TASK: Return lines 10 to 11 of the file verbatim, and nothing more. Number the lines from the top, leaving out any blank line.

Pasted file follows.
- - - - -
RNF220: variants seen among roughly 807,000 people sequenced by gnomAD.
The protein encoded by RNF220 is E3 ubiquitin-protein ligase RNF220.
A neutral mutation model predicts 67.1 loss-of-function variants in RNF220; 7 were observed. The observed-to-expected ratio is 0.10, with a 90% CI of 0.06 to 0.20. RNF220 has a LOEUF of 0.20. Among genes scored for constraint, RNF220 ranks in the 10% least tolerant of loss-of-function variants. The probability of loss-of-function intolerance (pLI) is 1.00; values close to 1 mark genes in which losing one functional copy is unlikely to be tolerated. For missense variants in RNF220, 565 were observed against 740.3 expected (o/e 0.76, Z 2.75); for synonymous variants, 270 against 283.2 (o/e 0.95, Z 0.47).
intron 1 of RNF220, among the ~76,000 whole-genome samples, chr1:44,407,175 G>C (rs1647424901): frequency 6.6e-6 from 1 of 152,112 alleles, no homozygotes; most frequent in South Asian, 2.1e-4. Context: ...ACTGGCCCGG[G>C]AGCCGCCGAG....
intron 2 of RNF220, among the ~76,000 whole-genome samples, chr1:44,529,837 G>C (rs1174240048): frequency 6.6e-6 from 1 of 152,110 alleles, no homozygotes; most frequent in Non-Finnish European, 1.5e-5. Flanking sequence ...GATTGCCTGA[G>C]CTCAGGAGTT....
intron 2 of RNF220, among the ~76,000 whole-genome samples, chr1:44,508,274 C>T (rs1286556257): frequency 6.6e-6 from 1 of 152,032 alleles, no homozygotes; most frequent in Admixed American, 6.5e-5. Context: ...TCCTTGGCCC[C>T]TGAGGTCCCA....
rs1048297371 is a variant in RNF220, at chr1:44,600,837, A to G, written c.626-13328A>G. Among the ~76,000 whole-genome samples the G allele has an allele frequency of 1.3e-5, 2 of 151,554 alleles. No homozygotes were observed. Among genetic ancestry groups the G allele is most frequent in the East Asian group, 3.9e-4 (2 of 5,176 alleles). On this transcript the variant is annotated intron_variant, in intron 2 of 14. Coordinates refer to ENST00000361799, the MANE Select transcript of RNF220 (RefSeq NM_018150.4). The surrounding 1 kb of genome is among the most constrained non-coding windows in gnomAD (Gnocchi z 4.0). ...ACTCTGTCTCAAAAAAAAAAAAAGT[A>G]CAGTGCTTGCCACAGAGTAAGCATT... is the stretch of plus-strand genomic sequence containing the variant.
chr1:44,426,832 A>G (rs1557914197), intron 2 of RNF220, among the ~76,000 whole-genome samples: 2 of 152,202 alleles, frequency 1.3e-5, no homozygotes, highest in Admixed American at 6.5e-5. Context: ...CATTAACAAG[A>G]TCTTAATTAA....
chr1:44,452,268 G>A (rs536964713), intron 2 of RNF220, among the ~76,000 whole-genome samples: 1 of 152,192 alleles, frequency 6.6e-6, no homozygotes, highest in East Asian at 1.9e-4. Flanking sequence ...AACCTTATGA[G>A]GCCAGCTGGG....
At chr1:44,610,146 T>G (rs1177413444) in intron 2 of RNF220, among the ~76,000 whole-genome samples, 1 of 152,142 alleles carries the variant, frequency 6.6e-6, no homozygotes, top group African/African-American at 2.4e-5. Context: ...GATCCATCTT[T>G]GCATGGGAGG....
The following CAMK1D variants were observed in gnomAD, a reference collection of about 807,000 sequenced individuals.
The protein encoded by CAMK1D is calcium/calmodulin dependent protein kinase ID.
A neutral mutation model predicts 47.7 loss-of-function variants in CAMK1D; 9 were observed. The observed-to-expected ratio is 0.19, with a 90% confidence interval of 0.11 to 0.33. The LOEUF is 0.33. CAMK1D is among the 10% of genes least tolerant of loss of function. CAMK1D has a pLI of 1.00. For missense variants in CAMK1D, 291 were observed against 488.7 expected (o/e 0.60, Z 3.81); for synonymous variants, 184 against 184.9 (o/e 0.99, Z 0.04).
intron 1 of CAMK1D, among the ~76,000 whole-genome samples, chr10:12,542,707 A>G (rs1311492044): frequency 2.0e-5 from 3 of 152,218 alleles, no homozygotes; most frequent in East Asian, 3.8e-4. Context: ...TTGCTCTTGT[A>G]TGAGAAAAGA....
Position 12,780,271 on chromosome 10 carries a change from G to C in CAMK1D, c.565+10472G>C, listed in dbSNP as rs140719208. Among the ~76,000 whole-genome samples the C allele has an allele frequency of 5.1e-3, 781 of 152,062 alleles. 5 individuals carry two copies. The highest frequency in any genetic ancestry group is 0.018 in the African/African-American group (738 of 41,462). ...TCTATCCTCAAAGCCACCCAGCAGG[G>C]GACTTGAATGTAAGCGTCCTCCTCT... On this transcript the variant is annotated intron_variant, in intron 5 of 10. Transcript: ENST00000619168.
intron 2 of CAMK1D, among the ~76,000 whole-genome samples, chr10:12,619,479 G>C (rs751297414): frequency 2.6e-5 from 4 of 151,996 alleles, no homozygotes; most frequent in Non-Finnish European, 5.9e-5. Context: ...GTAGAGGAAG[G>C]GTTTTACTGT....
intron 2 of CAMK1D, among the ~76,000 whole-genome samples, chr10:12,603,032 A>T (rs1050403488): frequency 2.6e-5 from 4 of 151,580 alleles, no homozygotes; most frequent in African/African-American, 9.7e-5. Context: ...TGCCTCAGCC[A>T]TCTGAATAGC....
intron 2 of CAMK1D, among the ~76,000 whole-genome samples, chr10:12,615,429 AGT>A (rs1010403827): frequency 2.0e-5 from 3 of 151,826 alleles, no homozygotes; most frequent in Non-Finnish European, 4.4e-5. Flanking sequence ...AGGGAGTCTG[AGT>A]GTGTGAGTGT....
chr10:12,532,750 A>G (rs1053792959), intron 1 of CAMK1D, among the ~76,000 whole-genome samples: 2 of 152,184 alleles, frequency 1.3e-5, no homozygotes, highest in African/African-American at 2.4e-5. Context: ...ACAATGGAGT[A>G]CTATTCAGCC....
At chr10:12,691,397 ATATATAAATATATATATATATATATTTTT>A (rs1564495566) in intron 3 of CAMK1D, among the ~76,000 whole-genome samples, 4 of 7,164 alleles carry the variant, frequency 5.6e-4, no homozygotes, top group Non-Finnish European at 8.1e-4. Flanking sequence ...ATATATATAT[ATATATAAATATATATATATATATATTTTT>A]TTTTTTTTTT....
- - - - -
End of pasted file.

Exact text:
At chr1:44,610,146 T>G (rs1177413444) in intron 2 of RNF220, among the ~76,000 whole-genome samples, 1 of 152,142 alleles carries the variant, frequency 6.6e-6, no homozygotes, top group African/African-American at 2.4e-5. Context: ...GATCCATCTT[T>G]GCATGGGAGG....
The following CAMK1D variants were observed in gnomAD, a reference collection of about 807,000 sequenced individuals.